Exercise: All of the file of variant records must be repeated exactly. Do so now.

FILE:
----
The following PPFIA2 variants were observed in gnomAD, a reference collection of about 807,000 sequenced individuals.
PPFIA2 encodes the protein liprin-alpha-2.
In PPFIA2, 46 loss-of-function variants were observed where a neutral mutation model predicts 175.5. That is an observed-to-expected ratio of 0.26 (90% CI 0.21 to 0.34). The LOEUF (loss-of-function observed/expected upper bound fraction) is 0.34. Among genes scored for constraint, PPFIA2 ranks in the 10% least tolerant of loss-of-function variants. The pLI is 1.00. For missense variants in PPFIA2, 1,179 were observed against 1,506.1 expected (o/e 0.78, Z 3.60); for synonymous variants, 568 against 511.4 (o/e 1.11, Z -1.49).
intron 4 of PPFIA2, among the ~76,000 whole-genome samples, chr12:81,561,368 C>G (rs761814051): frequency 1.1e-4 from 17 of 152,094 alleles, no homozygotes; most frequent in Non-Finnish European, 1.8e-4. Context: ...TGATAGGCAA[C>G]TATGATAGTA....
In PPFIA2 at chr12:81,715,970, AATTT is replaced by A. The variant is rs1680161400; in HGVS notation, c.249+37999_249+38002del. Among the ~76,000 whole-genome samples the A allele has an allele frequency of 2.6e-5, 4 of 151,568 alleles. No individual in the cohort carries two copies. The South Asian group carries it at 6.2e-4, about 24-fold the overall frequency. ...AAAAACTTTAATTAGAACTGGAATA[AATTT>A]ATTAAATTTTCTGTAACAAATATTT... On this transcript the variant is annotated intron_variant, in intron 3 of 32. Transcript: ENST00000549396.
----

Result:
The following PPFIA2 variants were observed in gnomAD, a reference collection of about 807,000 sequenced individuals.
PPFIA2 encodes the protein liprin-alpha-2.
In PPFIA2, 46 loss-of-function variants were observed where a neutral mutation model predicts 175.5. That is an observed-to-expected ratio of 0.26 (90% CI 0.21 to 0.34). The LOEUF (loss-of-function observed/expected upper bound fraction) is 0.34. Among genes scored for constraint, PPFIA2 ranks in the 10% least tolerant of loss-of-function variants. The pLI is 1.00. For missense variants in PPFIA2, 1,179 were observed against 1,506.1 expected (o/e 0.78, Z 3.60); for synonymous variants, 568 against 511.4 (o/e 1.11, Z -1.49).
intron 4 of PPFIA2, among the ~76,000 whole-genome samples, chr12:81,561,368 C>G (rs761814051): frequency 1.1e-4 from 17 of 152,094 alleles, no homozygotes; most frequent in Non-Finnish European, 1.8e-4. Context: ...TGATAGGCAA[C>G]TATGATAGTA....
In PPFIA2 at chr12:81,715,970, AATTT is replaced by A. The variant is rs1680161400; in HGVS notation, c.249+37999_249+38002del. Among the ~76,000 whole-genome samples the A allele has an allele frequency of 2.6e-5, 4 of 151,568 alleles. No individual in the cohort carries two copies. The South Asian group carries it at 6.2e-4, about 24-fold the overall frequency. ...AAAAACTTTAATTAGAACTGGAATA[AATTT>A]ATTAAATTTTCTGTAACAAATATTT... On this transcript the variant is annotated intron_variant, in intron 3 of 32. Transcript: ENST00000549396.